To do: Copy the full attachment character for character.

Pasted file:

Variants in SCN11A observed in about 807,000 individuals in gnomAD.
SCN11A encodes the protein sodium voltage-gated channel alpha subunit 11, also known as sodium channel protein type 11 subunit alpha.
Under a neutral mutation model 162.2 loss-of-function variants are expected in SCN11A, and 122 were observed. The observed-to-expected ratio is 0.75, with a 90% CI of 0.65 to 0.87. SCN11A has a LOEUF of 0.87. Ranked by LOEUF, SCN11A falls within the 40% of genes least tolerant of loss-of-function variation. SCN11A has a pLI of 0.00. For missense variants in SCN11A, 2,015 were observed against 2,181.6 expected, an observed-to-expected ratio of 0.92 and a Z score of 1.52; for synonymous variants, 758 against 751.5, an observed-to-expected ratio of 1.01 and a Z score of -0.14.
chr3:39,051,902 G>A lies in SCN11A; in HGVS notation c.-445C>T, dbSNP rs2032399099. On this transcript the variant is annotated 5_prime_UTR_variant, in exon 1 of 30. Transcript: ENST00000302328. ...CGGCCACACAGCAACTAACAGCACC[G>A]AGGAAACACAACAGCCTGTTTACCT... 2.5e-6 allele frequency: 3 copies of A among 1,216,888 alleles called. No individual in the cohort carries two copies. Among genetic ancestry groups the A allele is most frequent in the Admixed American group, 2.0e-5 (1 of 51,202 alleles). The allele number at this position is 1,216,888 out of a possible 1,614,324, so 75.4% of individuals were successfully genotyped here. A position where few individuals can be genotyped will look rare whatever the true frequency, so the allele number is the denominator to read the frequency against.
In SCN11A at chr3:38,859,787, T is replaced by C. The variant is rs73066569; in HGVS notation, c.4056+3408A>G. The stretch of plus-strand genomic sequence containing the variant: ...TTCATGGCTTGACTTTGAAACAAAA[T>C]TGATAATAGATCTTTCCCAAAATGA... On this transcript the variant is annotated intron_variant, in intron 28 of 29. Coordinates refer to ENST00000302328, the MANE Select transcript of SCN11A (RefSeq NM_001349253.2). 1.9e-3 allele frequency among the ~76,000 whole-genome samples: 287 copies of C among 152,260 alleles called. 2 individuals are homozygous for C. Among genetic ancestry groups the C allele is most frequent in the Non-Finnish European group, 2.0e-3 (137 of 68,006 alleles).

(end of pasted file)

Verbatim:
Variants in SCN11A observed in about 807,000 individuals in gnomAD.
SCN11A encodes the protein sodium voltage-gated channel alpha subunit 11, also known as sodium channel protein type 11 subunit alpha.
Under a neutral mutation model 162.2 loss-of-function variants are expected in SCN11A, and 122 were observed. The observed-to-expected ratio is 0.75, with a 90% CI of 0.65 to 0.87. SCN11A has a LOEUF of 0.87. Ranked by LOEUF, SCN11A falls within the 40% of genes least tolerant of loss-of-function variation. SCN11A has a pLI of 0.00. For missense variants in SCN11A, 2,015 were observed against 2,181.6 expected, an observed-to-expected ratio of 0.92 and a Z score of 1.52; for synonymous variants, 758 against 751.5, an observed-to-expected ratio of 1.01 and a Z score of -0.14.
chr3:39,051,902 G>A lies in SCN11A; in HGVS notation c.-445C>T, dbSNP rs2032399099. On this transcript the variant is annotated 5_prime_UTR_variant, in exon 1 of 30. Transcript: ENST00000302328. ...CGGCCACACAGCAACTAACAGCACC[G>A]AGGAAACACAACAGCCTGTTTACCT... 2.5e-6 allele frequency: 3 copies of A among 1,216,888 alleles called. No individual in the cohort carries two copies. Among genetic ancestry groups the A allele is most frequent in the Admixed American group, 2.0e-5 (1 of 51,202 alleles). The allele number at this position is 1,216,888 out of a possible 1,614,324, so 75.4% of individuals were successfully genotyped here. A position where few individuals can be genotyped will look rare whatever the true frequency, so the allele number is the denominator to read the frequency against.
In SCN11A at chr3:38,859,787, T is replaced by C. The variant is rs73066569; in HGVS notation, c.4056+3408A>G. The stretch of plus-strand genomic sequence containing the variant: ...TTCATGGCTTGACTTTGAAACAAAA[T>C]TGATAATAGATCTTTCCCAAAATGA... On this transcript the variant is annotated intron_variant, in intron 28 of 29. Coordinates refer to ENST00000302328, the MANE Select transcript of SCN11A (RefSeq NM_001349253.2). 1.9e-3 allele frequency among the ~76,000 whole-genome samples: 287 copies of C among 152,260 alleles called. 2 individuals are homozygous for C. Among genetic ancestry groups the C allele is most frequent in the Non-Finnish European group, 2.0e-3 (137 of 68,006 alleles).